In snowy winters, clearing the tracks on the Gornergrat is a major challenge. Train driver Adrian tells us how it is done.
The thermometer shows a cold -10 degrees. Adrian can see his own breath in the cold winter air. It’s 5 am on the Gornergrat. He takes a sip of hot coffee and looks into the distance, where masses of snow are piled up in front of him. This January morning in 2018, the snow station measures 334 cm of snow. Adrian does not yet know that, together with his colleagues, he will be working on the snowplough for 92 days this winter and that a total of 13 metres of snow will fall over the winter.
The only thing that is certain is that he and his colleagues have to move huge masses of snow in order for the Gornergrat Railway to continue operating. While the village is still asleep, they get to work.
Adrian loves his job as a snow clearer. Even as a young boy, he was fascinated by it. His father was also a train driver and explained to him just what it means to work on the mountain:
“The snowplough is pushed by a railcar and can remove around 3,000 tonnes of snow from the tracks every hour. Together they weigh 40 tonnes,” he said.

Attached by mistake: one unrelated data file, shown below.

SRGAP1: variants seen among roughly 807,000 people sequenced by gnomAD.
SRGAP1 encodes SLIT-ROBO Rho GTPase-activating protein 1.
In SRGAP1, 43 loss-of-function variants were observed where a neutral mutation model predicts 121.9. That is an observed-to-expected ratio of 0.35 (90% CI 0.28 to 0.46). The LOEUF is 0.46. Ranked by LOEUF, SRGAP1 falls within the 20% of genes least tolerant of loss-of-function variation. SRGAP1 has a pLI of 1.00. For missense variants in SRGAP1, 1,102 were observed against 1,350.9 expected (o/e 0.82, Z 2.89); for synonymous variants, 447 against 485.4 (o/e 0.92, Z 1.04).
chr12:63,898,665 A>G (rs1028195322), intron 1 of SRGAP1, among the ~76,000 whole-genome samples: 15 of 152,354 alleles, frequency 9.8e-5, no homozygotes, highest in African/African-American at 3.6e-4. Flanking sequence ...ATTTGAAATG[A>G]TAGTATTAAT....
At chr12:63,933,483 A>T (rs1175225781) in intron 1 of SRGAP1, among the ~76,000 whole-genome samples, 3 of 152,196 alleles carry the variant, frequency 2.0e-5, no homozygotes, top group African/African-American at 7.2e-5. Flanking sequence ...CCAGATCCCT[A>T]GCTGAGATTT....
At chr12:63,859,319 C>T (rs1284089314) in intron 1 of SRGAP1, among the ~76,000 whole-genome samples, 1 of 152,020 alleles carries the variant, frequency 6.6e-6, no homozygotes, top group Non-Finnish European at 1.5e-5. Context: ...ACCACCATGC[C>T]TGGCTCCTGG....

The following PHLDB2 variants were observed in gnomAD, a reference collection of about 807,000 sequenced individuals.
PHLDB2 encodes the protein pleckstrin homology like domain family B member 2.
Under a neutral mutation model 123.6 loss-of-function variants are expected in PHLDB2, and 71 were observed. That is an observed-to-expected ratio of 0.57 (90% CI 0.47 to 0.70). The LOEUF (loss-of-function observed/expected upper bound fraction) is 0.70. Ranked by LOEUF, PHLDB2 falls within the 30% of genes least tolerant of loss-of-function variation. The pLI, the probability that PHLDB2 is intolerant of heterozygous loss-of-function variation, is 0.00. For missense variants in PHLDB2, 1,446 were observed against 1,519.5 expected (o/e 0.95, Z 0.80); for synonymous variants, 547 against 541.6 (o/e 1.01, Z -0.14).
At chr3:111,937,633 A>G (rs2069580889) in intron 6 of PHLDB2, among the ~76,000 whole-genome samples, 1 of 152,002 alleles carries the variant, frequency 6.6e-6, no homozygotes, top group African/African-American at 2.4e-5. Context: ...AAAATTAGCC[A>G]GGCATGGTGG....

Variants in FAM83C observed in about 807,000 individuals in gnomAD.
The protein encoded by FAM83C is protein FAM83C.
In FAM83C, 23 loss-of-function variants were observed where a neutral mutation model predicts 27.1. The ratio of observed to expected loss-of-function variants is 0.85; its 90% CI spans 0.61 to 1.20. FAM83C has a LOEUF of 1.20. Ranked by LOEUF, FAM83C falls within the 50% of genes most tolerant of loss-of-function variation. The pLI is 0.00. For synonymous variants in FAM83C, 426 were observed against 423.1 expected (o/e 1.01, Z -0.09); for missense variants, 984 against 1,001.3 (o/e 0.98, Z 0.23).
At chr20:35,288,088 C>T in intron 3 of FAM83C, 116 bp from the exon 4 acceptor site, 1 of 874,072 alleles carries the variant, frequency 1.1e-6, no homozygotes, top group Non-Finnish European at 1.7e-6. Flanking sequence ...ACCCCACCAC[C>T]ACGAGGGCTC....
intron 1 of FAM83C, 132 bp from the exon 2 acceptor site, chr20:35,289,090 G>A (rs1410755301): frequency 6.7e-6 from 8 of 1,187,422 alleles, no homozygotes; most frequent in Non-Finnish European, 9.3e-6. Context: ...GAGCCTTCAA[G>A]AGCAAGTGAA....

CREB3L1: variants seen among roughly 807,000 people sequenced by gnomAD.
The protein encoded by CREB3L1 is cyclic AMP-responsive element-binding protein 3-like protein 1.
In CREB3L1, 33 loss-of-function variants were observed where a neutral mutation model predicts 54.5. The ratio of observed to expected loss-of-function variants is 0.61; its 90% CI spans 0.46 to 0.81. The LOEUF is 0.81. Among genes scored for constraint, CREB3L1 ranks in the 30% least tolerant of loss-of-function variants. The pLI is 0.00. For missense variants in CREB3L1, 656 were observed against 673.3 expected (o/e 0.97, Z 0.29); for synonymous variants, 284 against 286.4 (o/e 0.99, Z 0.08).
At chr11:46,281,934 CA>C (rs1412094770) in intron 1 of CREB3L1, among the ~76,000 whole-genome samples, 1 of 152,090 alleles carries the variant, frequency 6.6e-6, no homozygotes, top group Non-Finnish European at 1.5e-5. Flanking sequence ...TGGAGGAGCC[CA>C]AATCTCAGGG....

As Adrian knows today, snow clearing doesn’t just involve driving a snowplough. In addition, there are six other workers on board. They disembark in groups of two at the Riffelberg, Rotenboden and Gornergrat stations and clear the points and racks of snow and ice – by hand. Only together and as a team can the men hope to be successful on the mountain against the masses of snow.
New “monster” in action
In 2023, Adrian is working with a new snow-clearing vehicle. This is because the snowblower from the 1970s was no longer able to keep up in the record winter of 2017/18.
“In a first step, the new snow-clearing vehicle can clear a width of 3.6 meters. The snow blowers are driven by a 300 kW electric motor. The track plough between the axles is responsible for clearing the snow that has been left between the tracks,” explains Adrian proudly.
Today, it is his turn to look into the bright eyes of children when he tells his daughter about his work.